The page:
tarkovsky mirror script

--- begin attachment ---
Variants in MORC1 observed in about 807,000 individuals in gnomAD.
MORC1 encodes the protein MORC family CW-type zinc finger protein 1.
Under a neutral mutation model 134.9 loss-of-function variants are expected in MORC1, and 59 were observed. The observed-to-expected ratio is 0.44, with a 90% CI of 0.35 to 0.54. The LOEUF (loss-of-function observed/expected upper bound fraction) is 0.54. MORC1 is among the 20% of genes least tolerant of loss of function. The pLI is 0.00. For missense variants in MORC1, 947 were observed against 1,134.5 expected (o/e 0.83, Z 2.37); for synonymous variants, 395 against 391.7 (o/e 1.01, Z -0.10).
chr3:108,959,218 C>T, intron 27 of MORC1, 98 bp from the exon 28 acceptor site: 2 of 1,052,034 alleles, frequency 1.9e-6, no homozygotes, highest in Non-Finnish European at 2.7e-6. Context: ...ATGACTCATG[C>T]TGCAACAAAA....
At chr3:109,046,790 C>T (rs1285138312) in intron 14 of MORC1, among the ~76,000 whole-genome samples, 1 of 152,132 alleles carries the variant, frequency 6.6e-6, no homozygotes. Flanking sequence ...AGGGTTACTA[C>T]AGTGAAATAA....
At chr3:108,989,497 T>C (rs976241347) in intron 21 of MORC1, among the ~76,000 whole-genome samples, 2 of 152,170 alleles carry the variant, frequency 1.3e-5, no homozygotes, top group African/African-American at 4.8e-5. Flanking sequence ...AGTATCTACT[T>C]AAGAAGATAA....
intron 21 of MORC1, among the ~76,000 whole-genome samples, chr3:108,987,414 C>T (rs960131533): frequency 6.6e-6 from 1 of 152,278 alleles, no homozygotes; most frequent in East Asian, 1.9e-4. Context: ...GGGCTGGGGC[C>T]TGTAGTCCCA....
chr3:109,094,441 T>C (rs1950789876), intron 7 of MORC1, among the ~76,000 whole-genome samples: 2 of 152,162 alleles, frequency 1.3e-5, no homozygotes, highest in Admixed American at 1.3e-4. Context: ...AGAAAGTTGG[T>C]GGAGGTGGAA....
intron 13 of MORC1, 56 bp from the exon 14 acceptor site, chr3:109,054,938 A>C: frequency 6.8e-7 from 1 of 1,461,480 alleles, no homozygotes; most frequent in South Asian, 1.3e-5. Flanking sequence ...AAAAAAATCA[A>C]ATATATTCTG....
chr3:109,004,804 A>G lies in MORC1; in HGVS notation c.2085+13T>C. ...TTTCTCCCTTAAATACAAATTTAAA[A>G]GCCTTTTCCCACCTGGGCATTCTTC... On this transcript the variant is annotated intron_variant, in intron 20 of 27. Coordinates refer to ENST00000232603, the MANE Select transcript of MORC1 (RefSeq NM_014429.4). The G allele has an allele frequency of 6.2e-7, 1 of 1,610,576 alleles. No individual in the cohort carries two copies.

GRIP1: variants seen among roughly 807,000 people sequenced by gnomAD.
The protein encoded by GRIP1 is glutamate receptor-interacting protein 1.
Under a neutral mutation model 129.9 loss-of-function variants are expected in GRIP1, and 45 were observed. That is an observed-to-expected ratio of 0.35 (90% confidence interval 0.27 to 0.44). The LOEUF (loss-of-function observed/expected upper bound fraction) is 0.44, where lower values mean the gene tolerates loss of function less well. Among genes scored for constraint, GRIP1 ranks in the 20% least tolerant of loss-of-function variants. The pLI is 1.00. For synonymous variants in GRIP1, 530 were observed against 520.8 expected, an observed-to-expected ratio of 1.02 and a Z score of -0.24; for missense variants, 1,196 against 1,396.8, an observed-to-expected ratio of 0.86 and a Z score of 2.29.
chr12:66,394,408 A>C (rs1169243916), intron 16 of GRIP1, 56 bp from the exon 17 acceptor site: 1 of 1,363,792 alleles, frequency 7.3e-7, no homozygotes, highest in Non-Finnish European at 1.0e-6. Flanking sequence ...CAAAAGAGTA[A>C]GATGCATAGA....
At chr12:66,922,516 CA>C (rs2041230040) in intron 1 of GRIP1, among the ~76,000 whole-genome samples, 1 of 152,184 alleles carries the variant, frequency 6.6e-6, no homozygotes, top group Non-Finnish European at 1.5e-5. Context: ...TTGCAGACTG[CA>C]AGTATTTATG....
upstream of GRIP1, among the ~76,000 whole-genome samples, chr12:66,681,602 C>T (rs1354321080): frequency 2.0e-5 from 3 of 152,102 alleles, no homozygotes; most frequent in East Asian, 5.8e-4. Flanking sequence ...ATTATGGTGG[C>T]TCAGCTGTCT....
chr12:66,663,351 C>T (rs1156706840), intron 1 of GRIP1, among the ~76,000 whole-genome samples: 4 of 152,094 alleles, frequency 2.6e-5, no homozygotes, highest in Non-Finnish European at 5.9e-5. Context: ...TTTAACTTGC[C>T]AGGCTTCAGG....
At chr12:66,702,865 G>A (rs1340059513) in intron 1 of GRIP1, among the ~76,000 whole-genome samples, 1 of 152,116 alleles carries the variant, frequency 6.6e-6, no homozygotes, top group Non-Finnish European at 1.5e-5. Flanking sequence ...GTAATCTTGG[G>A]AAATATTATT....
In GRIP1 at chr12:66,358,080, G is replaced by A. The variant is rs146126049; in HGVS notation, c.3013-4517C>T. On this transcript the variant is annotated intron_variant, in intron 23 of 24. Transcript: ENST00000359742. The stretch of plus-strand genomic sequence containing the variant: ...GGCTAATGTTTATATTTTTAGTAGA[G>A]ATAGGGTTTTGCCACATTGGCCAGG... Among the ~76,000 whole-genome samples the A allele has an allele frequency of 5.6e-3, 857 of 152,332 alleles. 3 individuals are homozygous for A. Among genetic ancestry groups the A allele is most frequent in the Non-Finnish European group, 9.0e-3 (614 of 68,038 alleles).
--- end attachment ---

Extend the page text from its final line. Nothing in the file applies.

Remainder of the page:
He often isolates and enhances a key sound over others to … If the scenes were arranged in a particular pattern, Misharin said, some other scenes would be left out. One can press the “CC” button at the bottom of the viewing window in order to display English captions. The Mirror (Zerkalo or The Bright, Bright Day) is a poem. He is the narrator of the poem that is the movie. Formé à une idée de l’art comme ouverture par les romans de Kerouac et la poésie d’Allen Ginsberg, par la peinture de Warhol, de Bacon et de David Hockney, bien davantage que par le cinéma auquel ne le relie aucun fétichisme cinéphilique. Behind the camera, Vadim Yusov was Tarkovsky’s regular cameraman up until Mirror. At appr. He is currently (2003) finishing his Masters in Architecture at Harvard Design School. Walking through The Mirror’s dacha, during The Lost Lessons of Andrei Tarkovsky, @EQZE Posted on February 17, 2018 February 17, 2018 by Ruxandra I share here some of the beautiful images captured during the 1st conference dedicated to Andrei Tarkovsky’s lost lessons, by Elías Querejeta Zine Eskola in Donostia/ San Sebastian. (The newsreels, though, are roughly chronological). It was, rather, ultimately a movie about feelings: about his feelings towards his loved ones and relatives, and about his own inadequacy – “my feeling of duty left unfulfilled”). answer to Kubrick's '2001' (though Tarkovsky himself was never too fond of it), but he ran into official trouble again with The Mirror (1975), a dense, personal web of autobiographical memories with a radically innovative plot structure. Cavafy, those masters of the poetry of nostalgia. These episodes were published as a short story under the title A White Day in 1970. This text was originally published as ‘Mirror’ in Andrei Tarkovsky. It doesn’t have to be made any more understandable. Mirror started to take shape around 1968, when Andrei Tarkovsky worked with his co-writer, Alexander Misharin (Tarkovsky had asked Misharin to help him edit the script of Andrei Roublyov, which Misharin had been reluctant to do, because Andrei Konchalovsky was the writer, but wasn’t around at the time. The newsreel footage in The Mirror is a substantial element in the movie. The Mirror also acts as the spiritual biography of an age: the eras of 1935-36 and 1942-43 are so poignantly evoked by the newsreels. In his book Sculpting in Time the Russian filmmaker wrote: Anyone who wants can look at my films as into a mirror, in which he will see himself. The stuttering and hypnotism scene (which opens the film) was probably going to be put somewhere in the middle of the film, because the twelve year-old Ignat is seen turning on the television in the present-day Moscow apartment. Though unashamedly introspective, The Mirror virtually achieves a universal transcendence. (Ibid., p. 29). There are moments of forced symbolism – the narrator releasing the bird, for instance, which is intended to relate to his death. The Mirror was “extremely difficult to edit”, Andrei Tarkovsky confessed (my emphasis). Matriarchy and female solidarity is affirmed, as is generation-to-generation continuity, ambiguity and sadness.“I should like to ask you all not to be so demanding, and not to think of The Mirror as a difficult film”, Andrei Tarkovsky asserted in 1975. Cinema works at the point of viewing in a continuous present, yet it is always, as Jean Cocteau said, “filmed death”. I am usually good with critiquing my work and taking coverages seriously but this coverage felt rushed, featured spelling errors, and made notes that showed that the reader didn't read it more than twice. (tr. These images, seemingly a world away from an intimate portrait of childhood, fuse beautifully with the rest of the film. Get this from a library! Andrei Tarkovsky, Writer: Solyaris. (Editor Lyudmilla Feiginova does employ one of the standard devices of TV news and documentaries: she and sound man Semyon Litvinov add studio sound effects to footage that was shot silent (as a lot of it was).). That screenplay was shelved, later to resurface as Mirror (1975). The film uses numerous techniques to render a life, including the juxtaposition of timelines from the past, present, and future of main character Alexei’s life, the utilization of the same actors and actresses in multiple roles, the overlay of poetry over the visu… In fact I am categorically against entertainment in cinema: it is as degrading for the author as it is for the audience.” That’s a typical Tarkovskyan comment (but he’s totally, utterly wrong about entertainment, I think). The dacha of the past is built on (the foundations of) Tarkovsky’s real childhood home (it was important for Tarkovsky to build his childhood home in the exact spot it had once stood). All I ought to say about my childhood home is just barely enough to place me, myself, in an oneiric situation, to set me on the threshold of a day-dream in which I shall find repose in the past. Since his death in 1986, Andrei Tarkovsky has become increasingly recognized as one of the great masters of world cinema. The Mirror is the closest thing in cinema to a poem by Rainer Maria Rilke, Arthur Rimbaud or C.P. The past and present are bound up tightly together in the last shot of the film: Maria is there, and Maria as an old woman with Maria’s two children (the old woman doubles as a grandmother). Second, the painful gap that exists between a man and a woman: each time they make an effort to cross it, it seems to grow wider and wider. Like the poems of Rilke, Cavafy and Rimbaud, The Mirror is a dense mesh of constellations of images and memories, a veritable mnemonic banquet. Andrei Tarkovsky was born in April 1932, in Zavrazhe, some 500km away from Moscow. 1 hr 12 mins. Stalker (1979) had to be completely reshot on a dramatically reduced The screenshots featured here all come from this YouTube copy: that’s because it features the exact same subtitles as in the 35 mm copy I saw. Het is Jean-Daniel Pollets grote doorbraak en het maakt deze film tot een meesterwerk waarnaar we eindeloos kunnen blijven kijken zonder dat de film veroudert of aan kracht inboet, zonder dat de woorden – dwingend, somber, inwijdend, doordrenkt van de immense gloed van de zon – ons ooit de indruk geven dat we ze al gehoord hebben. Again, in Sculpting in Time, Tarkovsky explains how memories work as some sort of artistic reconstruction: Generally people’s memories arc precious to them. Why Are You Standing So Far Away? For Oliver Assayas, The Mirror was about film perception, a film which went beyond cinema, into “issues of memory and remembrance, and the relationship between memory and perception”. The most famous Soviet film-maker since Sergei M. Eisenstein, Andrei Tarkovsky (the son of noted poet Arseniy Tarkovsky) studied music and Arabic in Moscow before enrolling in the Soviet film school V.G.I.K. In 1983 he ☛ Mirror by Andrei Tarkovsky, 1975. For it belongs to the literature of depth, that is, to poetry, and not to the fluent type of literature that, in order to analyze intimacy, needs other people’s stories. There’s an enormous difference, after all, between the way you remember the house in which you were born and which you haven’t seen for years, and the actual sight of the house after a prolonged absence. He made five more films in Russia: Ivan's Childhood, 1962, Andrey Rublyov, 1966, Solaris, 1972, Mirror, 1978 and Stalker, 1979. Only a few movies – like The Magnificent Ambersons or Akira – have a similarly miraculous first reel. In a 1975 interview, Andrei Tarkovsky said pace The Mirror that “there are no entertaining moments in the movie. With ‘Mirror’ Tarkovsky relentlessly strips off the narrative spine of filmmaking - storyline, characters, scenes, dialogues, poems, hypothesis, newsreels are instead interlaced into several different time zones so as to create an organic unity of idea and form. The Bright, Bright Day screenplay had opened with a scene in a cemetery, and a funeral. Andrey Tarkovsky was born in Zavrozhie on the Volga in 1932. The Mirror was not only about Tarkovsky’s past and family; there was plenty of Misharin’s background in there, too. Some of the newsreel will be familiar (the nuclear bomb explosions require no gloss). In his films, Solaris, Mirror, Stalker and The Sacrifice, Tarkovsky defined a new way of looking at the world.His non-realistic, highly-charged images are a continuing source of inspiration - not only for a new generation of film-makers, but also for p This idea of memories as constructed representations that do not, however, stand for anything real is at the heart of the melancholic disposition (see previously here: memories as phantasms in relation to Angelopoulos’s film The Beekeeper). Andrei Tarkovsky’s own step-daughter was the red-haired beloved of the teenage Aleksei, and Tarkovsky’s second wife, Larissa Tarkovskaya, played the doctor’s wife. In 1968, after having finishedAndrei Rublev, Tarkovsky went to the cinematographer's resort in Repino intending to write the script for The Mirror together with Aleksandr Misharin. Is this a mirror-like Stendhal’s, a mirror which travels down the road, or is it a mirror in which you have found yourself, learnt something about yourself that … The title was taken from a 1942 poem by his father, Arseny Tarkovsky. It’s limp. The quote reads: “A poet must stir the soul, not nurture idolaters.”. As Biró emphasises, signposts in form of intertitles, change of camera angle or a switch … Then I may hope that my page will possess a sonority that will ring true―a voice so remote within me, that it will be the voice we all hear when we listen as far back as memory reaches, on the very limits of memory, beyond memory perhaps, in the field of the immemorial. There are further complexities: Andrei Tarkovsky’s real father reads his own poems (but the poetry in the movie is not identified as by Arseny Tarkovsky), while Tarkovsky’s own mother appears as the grandmother (Maria as an old woman), and the grandmother in the 1935-36 scenes (or she is Maria as an old woman transposed to the past). is better, but obscure.” It’s not just in pre-1989 Soviet Russia where filmmakers were forbidden to use a title by state institutions. The concept of The Mirror dates as far back as 1964. In February, 1973 Tarkovsky wrote: “I don’t like The Bright Day as a title. Tarkovsky also excludes a crucial part of childhood – education and school; also, the child’s relations with other children. The movie could be extended indefinitely through a variety of age ranges: 2, 8, 15, 19, 26, and so on. All the characters share that plight―they are tongue-tied, they stutter; overwhelmed by emotion they speak in … It is a ciné-poem, complete with metaphors, allusions, references, historicity, lyricism, concrete and abstract images, a number of voices, motifs and symbols, autobiography, stanzas and refrains. Instead, Tarkovsky relies on the viewer’s knowledge of history to fill in the gaps. In cinema, Tarkovsky said he wanted both the documentary, factual approach, in which every detail must be accurate, and the emotional, subjective, inner truth. The first, the oneirically definitive house, must retain its shadows. Rather than being the narrator of a novel, however, The Mirror’s narrator is the narrator of poetry, because The Mirror is a ciné-poem, rather than the cinematic adaption of a novel. There is a historical, social and personal continuity. A cinematic iconoclast of sorts due to his distaste for symbolism, Tarkovsky stated that The Mirrorcontained “no hidden coded meaning in the film…” It was “nothing beyond the desire to tell the truth…” about his life. The most beautiful memories are those of childhood. There was a moment of revelation when the 34 or so scenes fell into the final form. It might have turned out self-indulgent and pretentious. Book of Andrei Tarkovsky's Mirror. Instead, Tarkovsky proposed a film version of Polish author Stanislaw Lem ’s philosophical 1961 sci-fi novel, Solaris, reasoning that a futuristic thriller set on board a remote space station would prove populist enough even for the censorious commissars of Soviet cinema. In it there can be seen a mud island with a snail on it, a syringe, a plate, a mirror, an aquarium with fishes, a sterylizer, an extractor, a religious icon, coins, some gauze, a gun, metal part, an industrial spring, a page from a calendar (28th), some metal parts, some wire, Stalker’s hand in the water (sepia). Part of what makes a Tarkovsky film so atmospheric is his unique approach to sound design. The narrator was going to quote from Aleksandr Pushkin’s “The Prophet” (a favourite Tarkovsky text) and walk past a funeral at a cemetery, encouraging the narrator to muse on life and death. The spectator has to make an effort to unravel the components of the piece, has to fill in gaps and re-order the events, but it makes sense in the end. Instead he chooses two ages, five and twelve, in which children are still children, and not restless, disaffected, disappointed teenagers. Perhaps this could explain how, although the characters seem to experience some problems with the way they relate to each other, Tarkovsky as an artist is able to “stir the soul” of the viewers. First, the scattered memories, which are at times enchanted and at times dreadful. Part of the point of using the same actors and actresses for the mother/ wife and narrator/ son is to show that the past and present are connected and interfuse. Confession is pretentious. Tarkovsky acknowledged that The Mirror was the most complex of his films structurally and dramatically. As Misharin told it, Tarkovsky’s wife Larissa had sewn a kind of sack with pockets in it, which they hung on the wall and placed the scenes in each pocket. Absolutely. In her Film Companion book to Mirror, Natasha Synessios shared a similar view: It is a paradox that Mirror, a film which confirm the deep and unbreakable ties between people, between generations, between the personal and the political, between ourselves and the world, is essentially a film about people who fail to communicate, who have failed to communicate. It is marvellously self-reflexive, yet avoids all the traps of inwardly-looking art. Tarkovsky’s Mirror is about many things. In the West, titles are not copyrighted (at least in the UK), but it would be a foolish company, however, that tried using names such as “Disney”, “MacDonald’s” or “Coca Cola” on a product or service, those corporations being notorious for the number of litigations they pursue). (And, to reinforce that, The Mirror quotes from poetry far more than novels). Ignat would thus have been introduced differently. The narrator in The Mirror is strictly a narrator, in the technical, literary sense of the term. There is no denying the lucidity and poetic authenticity of these mnemonic images. The true story of Henry Hill, a half-Irish, half-Sicilian Brooklyn kid who is adopted by neighbourhood gangsters at an early age and climbs the ranks of a Mafia family under the guidance of Jimmy Conway. The release of Andrei Rublev was delayed until 1971. T o judge from his published diaries, the 1970s were a difficult period for Andrei Tarkovsky, full of anguish, heartache, and uncertainty. The concept, according to Misharin and Tarkovsky, was to trace the “spiritual organization of our society” through “the rightful fate of one person; a person whom we know and love, who is called Mother”. Q: In Mirror you have presented us your biography. Structurally, there are two moments in the past that are explored in The Mirror: 1935-36, 1942-43, and the present (c. 1974). According to Andrei Tarkovsky’s diary, The Mirror was allocated 622,000 roubles (a small budget; about $2.5 million) and 7,500 metres of Kodak film. This is the key to understanding the movie. Film as personal psychogeography, self-reflexive, even indulgent, recalling Federico Fellini’s 8½ (1963) and Amarcord (1973), classics of the autobiographical or personal movie genre (Ulysses’ Gaze (Theo Angelopoulos, 1995) is another). Pier Paolo Pasolini had cast his mother to play the aged Virgin Mary in The Gospel According to Matthew (and Martin Scorsese liked to use his mother in minor roles). Misharin helped Tarkovsky to cut out a whole section of Andrei Roublyov). There is so much going on, so much that is startling. The post-production of The Mirror was troublesome because the first rough cuts of the movie didn’t work (and it wasn’t simply a case of the filmmakers hating the first rough cut, as they so often do). In his book The Poetics of Space (originally La Poétique de l’Espace, 1958) Gaston Bachelard also wrote about the fleeing quality of memories and, consequently, about the difficulty one has to communicate what they are to others. Some viewers and critics were confused by the use of the same actors for different roles in The Mirror (even though this is a not uncommon strategy: it’s used in the Back To the Future series [1985-90], for instance, and other time travel movies. Yet, through sheer will, talent, faith and the miraculous transformation of art, the film achieve what Tarkovsky always strove for: “In one form or another all my films have made the point that people are not alone and abandonned in an empty universe, but are linked by countless threads with the past and the future; that as each person lives his life he forges a bond with the whole world, indeed with the whole history of mankind.” (Mirror. Past (1935 and 1942) > Present (about 1974), Maria, the mother > Natalia, the modern wife/ mother, Children’s grandmother > Maria as an old woman (and the narrator’s mother). All the characters share that plight―they are tongue-tied, they stutter; overwhelmed by emotion they speak in quotes, obliquely; disheartened, they take flight. (quoted in Mirror: The Film Companion by Natasha Synessios, London: I.B. First Meetings Arseniy Tarkovsky Every moment that we were together Was a celebration, like Epiphany, In all the world the two of us alone. All we communicate to others is an orientation toward what is secret without ever being able to tell the secret objectively. He was the first son of Maria Ivanovna Vishniakova and Arseni Tarkovsky. Tarkovsky’s Mirror is a philosophically personal and autobiographical film dealing with memory and temporality. The Mosfilm movie would be about a mother, Andrei Tarkovsky said: “any mother capable of arousing an interest in the authors,” Andrei Tarkovsky and Alexander Misharin wrote in their proposal for The Mirror (when the film was called Confession): “as all mothers, she must have had a full and fascinating life. Yet, they’re incredibly atmospheric and poignant. As Andrei Tarkovsky wrote in Sculpting in Time, “a great deal was finally thought out, formulated, built up, only in the course of shooting”). If one thinks of The Mirror poetically, then the form – the overlapping, the montages, the merging of imagery and events from the past and present – becomes clear. Filming began in September, 1973 and finished in March, 1974. But Tarkovsky is not to referring to another studio, company or artist who might prevent him from using a title, but to the Soviet authorities. En sorte que, loin de se situer par rapport à une époque dont ses œuvres refléteraient la sensibilité commune – en particulier musicale –, Olivier Assayas a eu très tôt et très clairement conscience de faire des films contre sa génération plus qu’avec elle. [Andrei Arsenʹevich Tarkovskii; Arsenii Aleksandrovich Tarkovskii; Aleksandr Misharin; Margarita Terekhova; Oleg Yanovsky; Moskovskaia kinostudiia A famous instance occurs in The Wizard of Oz [1939], although that’s not time travel). Tarkovsky was given a budget of 622,000 Soviet ruble and 7500 meters of Kodak film, corresponding to roughly three takes assuming a film length of 3000 meters. For Tarkovsky, childhood is largely a lonely experience, with parental affection a rarity. A lot of the footage is familiar from the countless documentaries on World War Two, on Russian history, on Nazi Germany, and on 20th century history (there are whole cable and satellite channels now dedicated to airing this kind of material). As of October 2012, the only Blu-ray edition available on the market is a Russian one without English subtitles. Except maybe through artistic expression: We can perhaps tell everything about the present, but about the past! Instead it is magnificent and profound. The mother and the boy of the past also dwell in the present. It is a movie of fierce self-reflexive intensity – something like Rimbaud in his poem of childhood ‘Les poètes de sept ans’. 03.Ağu.2012 - Spark your artistic passion. But much of it will be unknown to many in the audience. It does not signify life or symbolise it, but embodies it, expressing its uniqueness.” – Andrei Tarkovsky, Sculpting In Time. “You and I could never communicate” in ‘Mirror’ by Andrei Tarkovsky, 1975, at 33mins. The concept of Mirror dates as far back as 1964, when Tarkovsky wrote down his idea for a film about the dreams and memories of a man, though without the man appearing on screen as he would in a conventional film. It was released in the Soviet Union in early 1975 at a third (then second) distribution category. The present exists beside the past, not only in dreams and memories, but also in people, in their faces, personalities and actions. But Andrei Tarkovsky deploys it in quite different manner from the typical TV documentary. In 1968, after having finished Andrei Rublev, Tarkovs… It is a paradox that Mirror, a film which confirm the deep and unbreakable ties between people, between generations, between the personal and the political, between ourselves and the world, is essentially a film about people who fail to communicate, who have failed to communicate. The Mirror, according to the script A Bright, Bright Day (Mosfilm, 1973), was going to have less documentary footage and more memories of Tarkovsky’s childhood. Misharin said people reckoned they knew which were the scenes Tarkovsky had written and which were his, but often the opposite was the case. Tarkovsky was very modest about the aims of his film. In 1960 he graduated from the Soviet State Film School with his first film The Steamroller and the Violin. Andrei Tarkovsky had originally planned filming interviews with his mother with a concealed camera, using questions such as “when did you begin smoking?”, “do you like animals?”, “are you superstitious?”, “are men or women stronger, do you think?”, “do you ever have friends outside your circle?”, “do you always speak the truth?”, “what would make you especially happy now?”, “have you ever envied youth?”, “which are your favourite poems?”, “are you capable of hatred?”, “which part of your life would you say was happy?”, “what do you think about space travel?”, “do you like Bach?”, “what do you remember about the war with Spain?”, “what was the funniest thing that ever happened to you?”, “are you a good swimmer?”, “do you remember the day when you sensed you would become a mother for the first time?”, “which is your favourite season?”, “have you ever starved?”, “what do you think about war?”, “what is freedom?”, “how many years did you work at the printers?”, and “are you scared of the dark?”. SCULPTING IN TIME Andrey Tarkovsky was born in Zavrozhie on the Volga in 1932. Alexander Misharin recalled that the writing process on The Mirror had been intense for a time: he and Andrei Tarkovsky had shut themselves away for three or so weeks and wrote every day. Redemption is a bit flat, it smacks of Vera Panova. T he existence of this book was—to your humble Nostalghia.com webmasters—for several years a mere unsubstantiated rumour. It comes as no surprise that Andrei Tarkovsky, master of Soviet cinema, turned to composer Eduard Artemiev to score his two lyrical and haunting films, The Mirror (1975) and Stalker (1979), as he had done for Solaris (also available on Superior Viaduct). The movie, though, soars above pretension and artifice by the magnitude of its passion. Mirror covers three distinct time spans; the mid-1930s, the time of the Second World War and the present day, presumably set in the 1970s. He feels he hasn’t loved them enough, and this idea torments him and will not let him be.”. A direct translation from memory to moving image, Mirror juxtaposes scenes from all three times without giving clear signposts as to what era we find ourselves in. by Maris Jolas, Beacon Press, 1994, p. 13). It was The Bright, Bright Day (or The White, White Day) for a long time (this title comes from one of Arseny Tarkovsky’s poems). This paper first appeared in the Canadian Journal of Film Studies/Revue canadienne d'études cinématographiques, Volume 11, Number 2 (Fall 2002), and is reproduced here with the kind permission of the author and of CJFS. It is gathered from all sorts of sources, the result of anonymous camera teams, and from so many places – throughout Russia, but also in China, in Berlin, in Spain, in Prague, and in Hiroshima. The Mirror, according to the script A Bright, Bright Day (Mosfilm, 1973), was going to have less documentary footage and more memories of Tarkovsky’s childhood. The Film Companion, p. 110), Related: “His pasts await him” (The Invisible Cities by Italo Calvino, 1972), • By Philippe Theophanidis on October 3, 2012 ― Published in Art, Communication, Movies | Tagged: Bachelard, childhood, couple, home, incommunicability, melancholy, memory, past, phantasm, Russia, séparation, Tarkovsky. Images from Zerkalo [The Mirror] (Andrei Tarkovsky, 1975). James Macgillivray is from Toronto. Scenes included the demolition of a church in 1939; the mother selling flowers in a market; a horse riding lesson; a scene at a ractrack; and a forest scene at night. This must be the ordinary story of a life, with its hopes, its faith, its grief and its joys”. The narrator was going to quote from Aleksandr Pushkin’s “The Prophet” (a favourite Tarkovsky text) and walk past a funeral at a cemetery, encouraging the narrator to muse on life and death. Characters are compared to each other, while others are irreconcilably opposed. The other script got great reviews both in and out of my school but a script coverage of the project slammed the brakes on any progress. Two main themes nonetheless seem to dominate the story when I last saw it. The Mirror begins with one of the most poetic ten or fifteen minutes in cinema: from the moment where Maria is sitting on the fence, to the house on fire, then after that to the hair-washing and rain-filled room sequence.